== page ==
The end of an old cruise; the beginning of a new cruise. This is cruise 045 of the Nieuw Statendam since she left Civitavecchia on 05 December 2018. So the ship is now just over a year old. Voyage numbers meant something in the past when most passenger ships would make journeys of roughly the same length. Those days are long gone and now a ship predominantly assigned to short cruises will clock up a much higher voyage total than ships assigned to long voyages. Thus could it be that the Veendam had cruise 996 last week and the Amsterdam was at cruise 474. Courtesy of a World Cruise every year. We are not making a world cruise this week but a seven day to the Caribbean. A different cruise than last week and so we have over 200 CVG guests on board who were on their 2nd cruise, or even more cruises in a row.
The cruise we make this week is an around Cuba cruise, sailing today from Ft. Lauderdale and calling at Half Moon Cay, (Bahamas), Falmouth (Jamaica), Georgetown, (Grand Cayman), Cozumel (Mexico) and then we are back in Fort Lauderdale on the 15th.
We have a new leader on board, Captain Sijbe de Boer went on vacation and now we have Captain Kevin Beirnaert on board. Who is our first Belgian Captain. Luckily he speaks Dutch so all is well in the world. With the European Union now connecting all 28 countries (down to 27
shortly), the schooling systems have been synchronized. This does not mean that the EU tells the schools what to do, but if you want to be internationally accredited then you have to comply with the same standards. That makes it now possible to have non Dutch captains on our ships. Nothing wrong with that as long as they come up through the ranks and learn the Holland America Line way. Captain Beirnart joined us back in 2006 as second officer and so he is a Holland America Line man. (I will upload his biography in the coming days) He was the Staff Captain for the new build of the Koningsdam and the Nieuw Statendam and will return to Italy to be the Staff captain of the Ryndam, after which permanent promotion will come. It will be a few years before we will have the next new building anyway.
With the start of this cruise, the official Holland America Line Christmas Season has started as well. Last week the first Christmas trees popped up in the ship and we knew that we were in full swing when the Winter Village display was built opposite the Grand Dutch Café. That will be the focal point for a lot of guests for taking pictures and having their picture taken. They were still doing things this morning, so I will share a few photos from other locations as soon as I know they are finished with rigging up whatever they were rigging up. Around us Fort Lauderdale is also getting into the mood with a lot of ships coming by on the Intra Coastal Waterway festooned with some sort of Christmas Decoration. Rather peculiar looked the Jungle Queen, the local Mississippi Paddle wheeler, which now sports a Santa Claus with sledge and Seven Reindeer on the top deck. I do not know if the skipper realizes what it looks like, but to me, looking down from the bridge, the impression was one of an “air craft carrier coming to mind” as it looked as if Santa Claus had just landed in full flight on the top deck. Maybe we can see it in dark in the coming weeks as it must look quite enchanting when the lights are on.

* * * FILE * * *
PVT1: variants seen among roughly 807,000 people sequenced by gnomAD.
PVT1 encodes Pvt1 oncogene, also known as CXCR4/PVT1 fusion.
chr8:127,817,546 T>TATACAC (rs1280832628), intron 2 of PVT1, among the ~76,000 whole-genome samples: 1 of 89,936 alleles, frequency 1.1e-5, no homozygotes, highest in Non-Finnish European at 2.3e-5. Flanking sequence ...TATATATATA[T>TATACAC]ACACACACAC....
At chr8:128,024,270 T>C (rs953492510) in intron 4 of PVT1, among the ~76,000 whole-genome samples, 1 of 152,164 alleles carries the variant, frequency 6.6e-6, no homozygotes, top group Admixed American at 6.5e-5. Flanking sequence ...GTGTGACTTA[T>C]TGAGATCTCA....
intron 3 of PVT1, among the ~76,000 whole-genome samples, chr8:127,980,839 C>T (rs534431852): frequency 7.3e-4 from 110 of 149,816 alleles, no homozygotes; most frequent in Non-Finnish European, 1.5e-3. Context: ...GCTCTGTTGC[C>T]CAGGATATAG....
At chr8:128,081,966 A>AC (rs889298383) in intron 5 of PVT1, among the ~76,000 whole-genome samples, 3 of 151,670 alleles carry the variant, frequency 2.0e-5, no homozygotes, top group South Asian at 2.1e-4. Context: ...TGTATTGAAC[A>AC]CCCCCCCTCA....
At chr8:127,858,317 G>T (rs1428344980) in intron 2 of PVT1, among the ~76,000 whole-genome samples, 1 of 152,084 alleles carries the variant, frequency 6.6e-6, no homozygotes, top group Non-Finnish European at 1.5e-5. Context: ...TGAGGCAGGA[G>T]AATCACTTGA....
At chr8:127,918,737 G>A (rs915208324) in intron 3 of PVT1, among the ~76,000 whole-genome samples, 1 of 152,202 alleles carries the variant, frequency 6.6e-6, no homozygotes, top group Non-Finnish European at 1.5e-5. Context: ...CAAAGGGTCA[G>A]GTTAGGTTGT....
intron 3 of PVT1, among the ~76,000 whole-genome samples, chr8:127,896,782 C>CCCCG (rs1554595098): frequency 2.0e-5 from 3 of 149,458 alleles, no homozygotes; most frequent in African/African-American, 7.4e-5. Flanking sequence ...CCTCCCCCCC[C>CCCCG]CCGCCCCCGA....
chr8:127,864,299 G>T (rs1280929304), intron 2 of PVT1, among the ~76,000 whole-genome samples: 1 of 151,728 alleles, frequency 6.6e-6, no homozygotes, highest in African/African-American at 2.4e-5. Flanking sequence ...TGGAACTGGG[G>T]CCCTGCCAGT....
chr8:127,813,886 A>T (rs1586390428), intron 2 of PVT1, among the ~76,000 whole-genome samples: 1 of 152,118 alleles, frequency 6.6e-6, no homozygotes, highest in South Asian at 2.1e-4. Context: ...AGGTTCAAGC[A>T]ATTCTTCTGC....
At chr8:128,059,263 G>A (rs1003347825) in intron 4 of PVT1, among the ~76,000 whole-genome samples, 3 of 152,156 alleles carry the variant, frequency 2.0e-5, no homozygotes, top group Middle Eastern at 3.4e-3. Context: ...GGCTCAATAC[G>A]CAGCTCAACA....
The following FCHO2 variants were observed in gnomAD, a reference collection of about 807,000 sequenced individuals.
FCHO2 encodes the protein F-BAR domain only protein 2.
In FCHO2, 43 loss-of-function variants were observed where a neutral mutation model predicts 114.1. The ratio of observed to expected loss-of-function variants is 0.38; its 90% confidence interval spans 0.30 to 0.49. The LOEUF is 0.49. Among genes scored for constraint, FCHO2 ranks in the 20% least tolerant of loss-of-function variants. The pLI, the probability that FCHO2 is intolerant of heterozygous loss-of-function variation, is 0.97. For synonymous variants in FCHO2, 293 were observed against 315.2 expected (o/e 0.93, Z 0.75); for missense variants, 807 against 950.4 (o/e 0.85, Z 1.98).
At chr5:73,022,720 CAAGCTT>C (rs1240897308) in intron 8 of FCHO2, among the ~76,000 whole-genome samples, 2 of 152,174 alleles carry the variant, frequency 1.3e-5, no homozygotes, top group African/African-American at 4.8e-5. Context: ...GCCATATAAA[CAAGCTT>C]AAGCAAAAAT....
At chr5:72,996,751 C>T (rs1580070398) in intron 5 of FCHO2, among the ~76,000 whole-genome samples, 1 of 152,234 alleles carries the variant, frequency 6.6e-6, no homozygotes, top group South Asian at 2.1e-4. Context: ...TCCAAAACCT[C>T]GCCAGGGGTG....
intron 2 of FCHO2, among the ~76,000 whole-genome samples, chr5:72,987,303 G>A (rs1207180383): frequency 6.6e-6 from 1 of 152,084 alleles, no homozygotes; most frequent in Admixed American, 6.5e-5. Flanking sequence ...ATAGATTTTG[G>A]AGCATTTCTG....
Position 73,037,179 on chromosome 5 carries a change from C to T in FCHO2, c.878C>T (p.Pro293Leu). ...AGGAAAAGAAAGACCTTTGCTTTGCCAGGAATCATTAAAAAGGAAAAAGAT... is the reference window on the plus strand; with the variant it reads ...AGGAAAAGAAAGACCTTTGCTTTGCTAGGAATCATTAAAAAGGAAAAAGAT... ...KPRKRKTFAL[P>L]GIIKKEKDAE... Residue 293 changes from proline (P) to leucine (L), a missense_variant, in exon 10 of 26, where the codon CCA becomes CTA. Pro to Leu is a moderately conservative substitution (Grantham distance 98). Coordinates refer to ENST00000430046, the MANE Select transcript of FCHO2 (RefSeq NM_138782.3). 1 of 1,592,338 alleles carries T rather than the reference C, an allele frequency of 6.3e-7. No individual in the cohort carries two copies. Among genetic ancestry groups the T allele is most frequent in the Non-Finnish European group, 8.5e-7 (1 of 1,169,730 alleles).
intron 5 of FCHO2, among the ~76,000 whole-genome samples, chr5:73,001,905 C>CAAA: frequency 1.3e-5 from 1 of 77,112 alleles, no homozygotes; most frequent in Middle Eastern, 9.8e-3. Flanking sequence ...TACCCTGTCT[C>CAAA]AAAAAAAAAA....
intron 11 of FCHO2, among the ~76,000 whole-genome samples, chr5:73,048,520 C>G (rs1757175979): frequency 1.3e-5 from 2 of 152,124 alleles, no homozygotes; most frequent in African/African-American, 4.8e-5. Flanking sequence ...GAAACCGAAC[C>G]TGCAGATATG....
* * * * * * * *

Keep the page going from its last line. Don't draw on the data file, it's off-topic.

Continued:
We had a regular change over day with the highlight being the fuel loading today. Port Everglades is one of the few ports in the world where you do not need a barge but can connect a hose to a ring line pipe system that runs through the whole port. The only challenge with this is that if more ships are bunkering fuel at the same time, then the pressure drops and bunkering takes a lot longer. I did not hear too much groaning from the Engineers today so I assume the pressure was reasonable as there were 3 more cruise ships in port. But most ships bunker re-fuel every 14 days and thus maybe we were the only one hooked up and then it goes fast. According to the experts in the port, the system can provide anything between 240 to 400 tons of fuel an hour. Thus if you need 2000 tons, then you are done in 5 hrs. If the pressure drops, it might take the whole duration of the call or even another hook up after seven days again.
Tomorrow we are back at Half Moon Cay for a full day of beach fun. There is no other Holland America Line ship scheduled and thus we will be by ourselves. Weather: Another nice and sunny day with 80oF / 27oC and a moderate breeze. It looks that the Trade Winds are re-establishing themselves.
Leave a Reply